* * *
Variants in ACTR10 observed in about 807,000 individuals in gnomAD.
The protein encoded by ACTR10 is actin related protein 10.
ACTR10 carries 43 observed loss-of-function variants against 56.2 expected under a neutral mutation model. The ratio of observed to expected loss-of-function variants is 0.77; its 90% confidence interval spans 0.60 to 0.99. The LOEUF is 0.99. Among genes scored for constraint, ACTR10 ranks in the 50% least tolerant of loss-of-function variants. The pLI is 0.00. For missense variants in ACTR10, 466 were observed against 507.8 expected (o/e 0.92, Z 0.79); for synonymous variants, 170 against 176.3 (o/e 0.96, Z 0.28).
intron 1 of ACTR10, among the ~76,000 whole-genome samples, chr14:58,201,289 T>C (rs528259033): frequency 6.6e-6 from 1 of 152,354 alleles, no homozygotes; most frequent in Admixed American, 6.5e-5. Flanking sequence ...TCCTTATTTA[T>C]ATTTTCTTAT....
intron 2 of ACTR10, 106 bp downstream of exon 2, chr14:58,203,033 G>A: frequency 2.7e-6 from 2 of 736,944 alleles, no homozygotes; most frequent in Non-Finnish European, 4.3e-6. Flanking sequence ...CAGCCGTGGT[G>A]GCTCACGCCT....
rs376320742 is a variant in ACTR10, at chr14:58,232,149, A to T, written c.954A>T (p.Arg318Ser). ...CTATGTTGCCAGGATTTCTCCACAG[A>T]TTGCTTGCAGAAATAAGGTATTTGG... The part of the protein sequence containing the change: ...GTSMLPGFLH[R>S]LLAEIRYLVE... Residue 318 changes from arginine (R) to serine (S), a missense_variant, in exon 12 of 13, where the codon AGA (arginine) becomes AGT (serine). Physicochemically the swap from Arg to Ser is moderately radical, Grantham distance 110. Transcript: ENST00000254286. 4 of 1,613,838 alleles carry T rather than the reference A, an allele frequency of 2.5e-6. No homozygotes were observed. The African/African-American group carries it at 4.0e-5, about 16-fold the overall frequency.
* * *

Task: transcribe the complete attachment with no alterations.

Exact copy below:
Variants in ACTR10 observed in about 807,000 individuals in gnomAD.
The protein encoded by ACTR10 is actin related protein 10.
ACTR10 carries 43 observed loss-of-function variants against 56.2 expected under a neutral mutation model. The ratio of observed to expected loss-of-function variants is 0.77; its 90% confidence interval spans 0.60 to 0.99. The LOEUF is 0.99. Among genes scored for constraint, ACTR10 ranks in the 50% least tolerant of loss-of-function variants. The pLI is 0.00. For missense variants in ACTR10, 466 were observed against 507.8 expected (o/e 0.92, Z 0.79); for synonymous variants, 170 against 176.3 (o/e 0.96, Z 0.28).
intron 1 of ACTR10, among the ~76,000 whole-genome samples, chr14:58,201,289 T>C (rs528259033): frequency 6.6e-6 from 1 of 152,354 alleles, no homozygotes; most frequent in Admixed American, 6.5e-5. Flanking sequence ...TCCTTATTTA[T>C]ATTTTCTTAT....
intron 2 of ACTR10, 106 bp downstream of exon 2, chr14:58,203,033 G>A: frequency 2.7e-6 from 2 of 736,944 alleles, no homozygotes; most frequent in Non-Finnish European, 4.3e-6. Flanking sequence ...CAGCCGTGGT[G>A]GCTCACGCCT....
rs376320742 is a variant in ACTR10, at chr14:58,232,149, A to T, written c.954A>T (p.Arg318Ser). ...CTATGTTGCCAGGATTTCTCCACAG[A>T]TTGCTTGCAGAAATAAGGTATTTGG... The part of the protein sequence containing the change: ...GTSMLPGFLH[R>S]LLAEIRYLVE... Residue 318 changes from arginine (R) to serine (S), a missense_variant, in exon 12 of 13, where the codon AGA (arginine) becomes AGT (serine). Physicochemically the swap from Arg to Ser is moderately radical, Grantham distance 110. Transcript: ENST00000254286. 4 of 1,613,838 alleles carry T rather than the reference A, an allele frequency of 2.5e-6. No homozygotes were observed. The African/African-American group carries it at 4.0e-5, about 16-fold the overall frequency.